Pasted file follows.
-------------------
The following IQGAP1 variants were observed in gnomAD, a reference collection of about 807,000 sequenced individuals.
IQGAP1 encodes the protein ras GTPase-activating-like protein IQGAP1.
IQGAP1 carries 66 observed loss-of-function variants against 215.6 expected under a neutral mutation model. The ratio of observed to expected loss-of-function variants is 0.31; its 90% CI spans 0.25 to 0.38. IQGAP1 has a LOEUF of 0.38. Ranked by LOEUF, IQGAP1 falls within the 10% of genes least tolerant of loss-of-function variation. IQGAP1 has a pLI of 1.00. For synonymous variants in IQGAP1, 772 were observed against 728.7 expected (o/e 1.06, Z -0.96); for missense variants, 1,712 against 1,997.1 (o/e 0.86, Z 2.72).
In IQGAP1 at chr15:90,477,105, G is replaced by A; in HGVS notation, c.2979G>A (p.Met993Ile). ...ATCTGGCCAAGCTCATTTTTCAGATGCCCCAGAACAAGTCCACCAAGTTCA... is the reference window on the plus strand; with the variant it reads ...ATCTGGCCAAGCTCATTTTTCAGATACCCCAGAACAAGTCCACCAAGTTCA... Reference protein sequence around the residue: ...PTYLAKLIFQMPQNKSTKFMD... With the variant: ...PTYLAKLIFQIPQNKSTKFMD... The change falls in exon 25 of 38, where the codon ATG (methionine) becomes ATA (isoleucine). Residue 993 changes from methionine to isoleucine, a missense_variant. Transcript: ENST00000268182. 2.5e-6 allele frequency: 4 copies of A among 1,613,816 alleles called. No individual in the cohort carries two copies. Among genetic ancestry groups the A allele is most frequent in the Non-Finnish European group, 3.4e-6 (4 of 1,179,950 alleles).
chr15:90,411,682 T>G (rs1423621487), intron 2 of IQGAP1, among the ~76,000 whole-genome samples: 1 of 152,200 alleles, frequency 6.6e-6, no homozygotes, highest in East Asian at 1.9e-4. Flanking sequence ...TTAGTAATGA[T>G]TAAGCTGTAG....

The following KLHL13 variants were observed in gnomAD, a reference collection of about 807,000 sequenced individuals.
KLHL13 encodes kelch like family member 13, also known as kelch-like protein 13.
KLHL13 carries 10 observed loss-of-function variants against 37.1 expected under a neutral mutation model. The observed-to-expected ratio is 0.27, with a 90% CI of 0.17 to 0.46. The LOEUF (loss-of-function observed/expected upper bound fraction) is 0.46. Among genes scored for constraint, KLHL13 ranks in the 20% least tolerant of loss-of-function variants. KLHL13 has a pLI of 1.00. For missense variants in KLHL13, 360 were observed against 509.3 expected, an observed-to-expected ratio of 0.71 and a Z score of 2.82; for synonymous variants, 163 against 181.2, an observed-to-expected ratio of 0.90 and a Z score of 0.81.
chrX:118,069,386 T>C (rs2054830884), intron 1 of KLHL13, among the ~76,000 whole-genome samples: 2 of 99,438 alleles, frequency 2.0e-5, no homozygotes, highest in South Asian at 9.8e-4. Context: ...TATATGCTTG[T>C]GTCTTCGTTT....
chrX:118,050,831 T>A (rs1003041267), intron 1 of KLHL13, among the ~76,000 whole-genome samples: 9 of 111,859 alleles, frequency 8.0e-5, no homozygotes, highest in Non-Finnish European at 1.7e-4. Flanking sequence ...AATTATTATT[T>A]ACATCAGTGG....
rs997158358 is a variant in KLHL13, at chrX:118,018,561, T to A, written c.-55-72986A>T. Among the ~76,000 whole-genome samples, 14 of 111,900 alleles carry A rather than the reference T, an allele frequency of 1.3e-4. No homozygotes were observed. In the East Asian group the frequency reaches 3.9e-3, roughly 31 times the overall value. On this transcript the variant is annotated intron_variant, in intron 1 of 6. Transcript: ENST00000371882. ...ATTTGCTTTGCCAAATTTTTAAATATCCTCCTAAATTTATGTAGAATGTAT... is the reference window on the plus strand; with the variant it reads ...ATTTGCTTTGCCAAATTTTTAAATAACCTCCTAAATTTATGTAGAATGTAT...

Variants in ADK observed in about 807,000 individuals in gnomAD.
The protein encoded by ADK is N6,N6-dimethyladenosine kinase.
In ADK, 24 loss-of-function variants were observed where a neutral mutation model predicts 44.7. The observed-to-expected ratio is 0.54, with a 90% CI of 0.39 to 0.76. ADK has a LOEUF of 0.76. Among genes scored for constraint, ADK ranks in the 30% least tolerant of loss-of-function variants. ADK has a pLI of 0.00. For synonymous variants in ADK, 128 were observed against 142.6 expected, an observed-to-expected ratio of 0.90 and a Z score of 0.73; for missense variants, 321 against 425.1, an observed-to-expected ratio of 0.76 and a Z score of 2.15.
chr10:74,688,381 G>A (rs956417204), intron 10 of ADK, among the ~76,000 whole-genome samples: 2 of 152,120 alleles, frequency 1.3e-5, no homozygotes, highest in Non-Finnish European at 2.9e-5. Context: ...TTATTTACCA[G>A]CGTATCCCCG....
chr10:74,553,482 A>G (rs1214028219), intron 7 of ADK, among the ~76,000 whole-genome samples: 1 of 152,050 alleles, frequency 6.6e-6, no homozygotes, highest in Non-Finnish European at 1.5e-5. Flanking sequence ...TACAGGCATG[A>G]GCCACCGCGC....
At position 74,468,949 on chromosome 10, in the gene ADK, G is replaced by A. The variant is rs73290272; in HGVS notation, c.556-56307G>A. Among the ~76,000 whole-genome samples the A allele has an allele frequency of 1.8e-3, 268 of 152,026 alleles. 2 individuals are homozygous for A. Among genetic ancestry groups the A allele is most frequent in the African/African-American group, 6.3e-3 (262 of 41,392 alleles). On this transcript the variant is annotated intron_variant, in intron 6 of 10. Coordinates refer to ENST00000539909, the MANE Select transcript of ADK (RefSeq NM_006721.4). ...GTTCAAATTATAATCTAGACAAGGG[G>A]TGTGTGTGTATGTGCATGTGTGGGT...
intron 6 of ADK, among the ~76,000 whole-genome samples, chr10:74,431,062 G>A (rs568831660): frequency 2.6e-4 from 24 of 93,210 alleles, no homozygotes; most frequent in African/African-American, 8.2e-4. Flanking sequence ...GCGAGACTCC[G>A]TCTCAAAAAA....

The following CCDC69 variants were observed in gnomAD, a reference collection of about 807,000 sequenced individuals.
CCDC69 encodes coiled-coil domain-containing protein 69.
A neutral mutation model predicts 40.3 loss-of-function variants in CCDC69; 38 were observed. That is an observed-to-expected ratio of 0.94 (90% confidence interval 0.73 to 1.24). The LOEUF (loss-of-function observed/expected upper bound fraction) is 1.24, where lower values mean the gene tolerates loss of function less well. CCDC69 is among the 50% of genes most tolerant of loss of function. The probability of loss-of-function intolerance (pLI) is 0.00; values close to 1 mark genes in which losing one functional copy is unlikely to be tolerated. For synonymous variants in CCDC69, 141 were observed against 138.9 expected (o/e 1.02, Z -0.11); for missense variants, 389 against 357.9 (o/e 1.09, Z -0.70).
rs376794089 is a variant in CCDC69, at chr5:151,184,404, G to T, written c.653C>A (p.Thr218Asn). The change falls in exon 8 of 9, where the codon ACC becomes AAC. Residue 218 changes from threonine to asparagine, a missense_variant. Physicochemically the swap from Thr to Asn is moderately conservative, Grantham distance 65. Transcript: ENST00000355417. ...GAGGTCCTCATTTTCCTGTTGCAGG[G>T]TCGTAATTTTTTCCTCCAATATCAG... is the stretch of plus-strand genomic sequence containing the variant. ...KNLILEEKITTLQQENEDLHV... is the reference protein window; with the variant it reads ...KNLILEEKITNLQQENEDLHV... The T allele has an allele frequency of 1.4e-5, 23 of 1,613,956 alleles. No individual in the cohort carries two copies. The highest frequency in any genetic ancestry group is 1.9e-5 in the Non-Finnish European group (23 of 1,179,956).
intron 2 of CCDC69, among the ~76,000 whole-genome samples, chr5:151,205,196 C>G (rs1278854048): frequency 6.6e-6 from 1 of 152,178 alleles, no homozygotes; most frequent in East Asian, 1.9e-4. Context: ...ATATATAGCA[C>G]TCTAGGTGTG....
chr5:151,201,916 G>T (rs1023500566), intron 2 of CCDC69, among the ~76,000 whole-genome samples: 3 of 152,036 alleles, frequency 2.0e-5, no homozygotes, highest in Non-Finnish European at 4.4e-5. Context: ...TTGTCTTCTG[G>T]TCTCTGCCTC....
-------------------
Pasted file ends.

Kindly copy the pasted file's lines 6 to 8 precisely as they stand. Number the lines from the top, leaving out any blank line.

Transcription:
The following KLHL13 variants were observed in gnomAD, a reference collection of about 807,000 sequenced individuals.
KLHL13 encodes kelch like family member 13, also known as kelch-like protein 13.
KLHL13 carries 10 observed loss-of-function variants against 37.1 expected under a neutral mutation model. The observed-to-expected ratio is 0.27, with a 90% CI of 0.17 to 0.46. The LOEUF (loss-of-function observed/expected upper bound fraction) is 0.46. Among genes scored for constraint, KLHL13 ranks in the 20% least tolerant of loss-of-function variants. KLHL13 has a pLI of 1.00. For missense variants in KLHL13, 360 were observed against 509.3 expected, an observed-to-expected ratio of 0.71 and a Z score of 2.82; for synonymous variants, 163 against 181.2, an observed-to-expected ratio of 0.90 and a Z score of 0.81.